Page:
Two summers ago, a sobbing relative called to say that she’d just seen one youth stab another in the chest outside her front door in gentrifying Harlem. As she spoke, she noticed that the blood had splattered her shoes. The victim didn’t die, thank heaven, but staggered across the street and got help. It was a neighborhood annual reunion—barbecues blazing, salsa music blasting—and the victim and his assailant, simmering with decades’-long loathing now heightened by drug-dealing rivalry, exploded. I e-mailed my friend Bill Bratton, then still police commissioner, to say that a lack of quality-of-life policing in that neighborhood, including an official blind eye to petty dope traffic, clearly contributed to the do-what-you-want mind-set that prevailed in that precinct, whose former corruption once dubbed it the Dirty Thirty.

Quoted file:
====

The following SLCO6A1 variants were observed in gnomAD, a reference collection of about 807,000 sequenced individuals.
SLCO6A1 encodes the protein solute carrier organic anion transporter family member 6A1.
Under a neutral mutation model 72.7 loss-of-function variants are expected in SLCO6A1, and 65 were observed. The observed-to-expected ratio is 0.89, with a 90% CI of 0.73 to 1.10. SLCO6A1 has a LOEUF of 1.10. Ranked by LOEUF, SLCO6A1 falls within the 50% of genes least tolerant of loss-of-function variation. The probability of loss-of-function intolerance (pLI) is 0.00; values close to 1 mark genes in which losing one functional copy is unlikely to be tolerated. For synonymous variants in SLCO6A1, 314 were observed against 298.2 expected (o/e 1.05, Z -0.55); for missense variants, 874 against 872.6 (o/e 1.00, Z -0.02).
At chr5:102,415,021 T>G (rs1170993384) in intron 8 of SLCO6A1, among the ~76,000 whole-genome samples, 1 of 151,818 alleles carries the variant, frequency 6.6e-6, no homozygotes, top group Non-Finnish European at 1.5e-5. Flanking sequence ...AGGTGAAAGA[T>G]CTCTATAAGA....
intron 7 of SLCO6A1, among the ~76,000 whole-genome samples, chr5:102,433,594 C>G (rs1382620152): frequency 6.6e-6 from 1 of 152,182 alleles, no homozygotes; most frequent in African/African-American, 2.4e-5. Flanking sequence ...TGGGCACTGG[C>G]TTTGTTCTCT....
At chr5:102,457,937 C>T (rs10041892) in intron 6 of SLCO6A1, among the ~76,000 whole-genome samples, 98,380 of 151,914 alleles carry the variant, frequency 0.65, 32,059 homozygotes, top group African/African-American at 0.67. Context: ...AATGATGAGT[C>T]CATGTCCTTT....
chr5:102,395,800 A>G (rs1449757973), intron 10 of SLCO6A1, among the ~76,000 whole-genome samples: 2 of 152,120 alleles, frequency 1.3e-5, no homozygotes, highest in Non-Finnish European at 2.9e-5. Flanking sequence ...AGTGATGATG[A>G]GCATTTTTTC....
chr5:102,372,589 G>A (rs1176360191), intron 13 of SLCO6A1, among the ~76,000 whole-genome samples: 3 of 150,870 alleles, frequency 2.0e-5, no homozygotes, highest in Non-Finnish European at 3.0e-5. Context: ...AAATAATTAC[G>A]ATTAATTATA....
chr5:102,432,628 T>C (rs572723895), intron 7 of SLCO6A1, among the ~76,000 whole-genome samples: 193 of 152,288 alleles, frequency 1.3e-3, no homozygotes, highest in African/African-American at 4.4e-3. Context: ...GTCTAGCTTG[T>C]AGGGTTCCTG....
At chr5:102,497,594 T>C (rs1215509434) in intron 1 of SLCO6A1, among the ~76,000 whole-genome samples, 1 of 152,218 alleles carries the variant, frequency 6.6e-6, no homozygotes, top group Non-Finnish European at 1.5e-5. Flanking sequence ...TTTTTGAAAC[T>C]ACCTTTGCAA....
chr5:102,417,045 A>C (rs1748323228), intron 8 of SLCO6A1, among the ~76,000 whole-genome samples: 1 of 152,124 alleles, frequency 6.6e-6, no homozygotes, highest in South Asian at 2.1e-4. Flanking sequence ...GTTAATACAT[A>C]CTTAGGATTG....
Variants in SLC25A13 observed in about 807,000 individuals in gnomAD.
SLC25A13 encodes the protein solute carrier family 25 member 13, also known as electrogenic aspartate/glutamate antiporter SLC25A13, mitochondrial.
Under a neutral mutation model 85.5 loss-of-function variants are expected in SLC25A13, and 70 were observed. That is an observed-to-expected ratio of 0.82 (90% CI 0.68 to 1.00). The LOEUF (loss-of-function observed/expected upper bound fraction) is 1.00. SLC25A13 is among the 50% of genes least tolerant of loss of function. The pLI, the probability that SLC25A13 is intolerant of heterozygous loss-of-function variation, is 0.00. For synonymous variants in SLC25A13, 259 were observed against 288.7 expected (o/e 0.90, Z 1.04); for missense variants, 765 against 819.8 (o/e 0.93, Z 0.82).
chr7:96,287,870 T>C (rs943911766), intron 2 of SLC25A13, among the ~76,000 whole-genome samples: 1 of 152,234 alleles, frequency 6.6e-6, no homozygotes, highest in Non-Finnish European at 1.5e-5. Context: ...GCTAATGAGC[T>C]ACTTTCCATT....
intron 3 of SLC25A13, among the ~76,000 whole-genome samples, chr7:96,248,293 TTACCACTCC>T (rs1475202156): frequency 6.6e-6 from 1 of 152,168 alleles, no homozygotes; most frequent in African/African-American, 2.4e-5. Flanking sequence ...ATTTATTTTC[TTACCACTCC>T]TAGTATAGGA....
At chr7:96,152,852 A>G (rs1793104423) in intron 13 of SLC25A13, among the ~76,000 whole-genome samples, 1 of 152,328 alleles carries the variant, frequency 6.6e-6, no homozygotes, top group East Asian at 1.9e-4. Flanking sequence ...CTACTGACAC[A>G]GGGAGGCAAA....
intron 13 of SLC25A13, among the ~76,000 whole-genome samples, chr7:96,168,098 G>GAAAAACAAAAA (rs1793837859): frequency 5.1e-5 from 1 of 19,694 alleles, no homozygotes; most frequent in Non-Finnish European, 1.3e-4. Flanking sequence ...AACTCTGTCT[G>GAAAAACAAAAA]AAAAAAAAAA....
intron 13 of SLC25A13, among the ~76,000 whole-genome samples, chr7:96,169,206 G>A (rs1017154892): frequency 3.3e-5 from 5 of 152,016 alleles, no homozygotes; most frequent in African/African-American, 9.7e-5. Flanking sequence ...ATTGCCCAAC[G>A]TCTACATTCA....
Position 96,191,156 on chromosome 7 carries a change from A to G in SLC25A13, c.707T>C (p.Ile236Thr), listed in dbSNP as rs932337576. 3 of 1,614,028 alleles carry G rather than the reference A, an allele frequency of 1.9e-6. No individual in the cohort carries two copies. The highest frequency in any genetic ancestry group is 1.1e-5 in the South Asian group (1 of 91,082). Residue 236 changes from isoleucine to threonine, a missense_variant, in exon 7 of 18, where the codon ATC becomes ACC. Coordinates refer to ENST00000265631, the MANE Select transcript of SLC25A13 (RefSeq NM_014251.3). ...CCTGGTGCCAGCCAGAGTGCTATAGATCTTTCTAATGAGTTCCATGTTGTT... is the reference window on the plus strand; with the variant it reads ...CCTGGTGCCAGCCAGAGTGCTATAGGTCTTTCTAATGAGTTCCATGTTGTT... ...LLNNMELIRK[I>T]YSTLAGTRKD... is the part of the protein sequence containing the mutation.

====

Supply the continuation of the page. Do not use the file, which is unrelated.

Bratton needed no convincing: he was an even truer believer than I in the Broken Windows theory of crime prevention—the idea that if cops let minor crimes of disorder, such as low-level marijuana selling or subway fare-beating or public urination (or, these days, masturbation), go unpunished, the malicious will conclude that anything goes and do what their evil hearts prompt. He soon had a narcotics squad patrolling the neighborhood, and within months, the police had won a score of convictions of the pushers.
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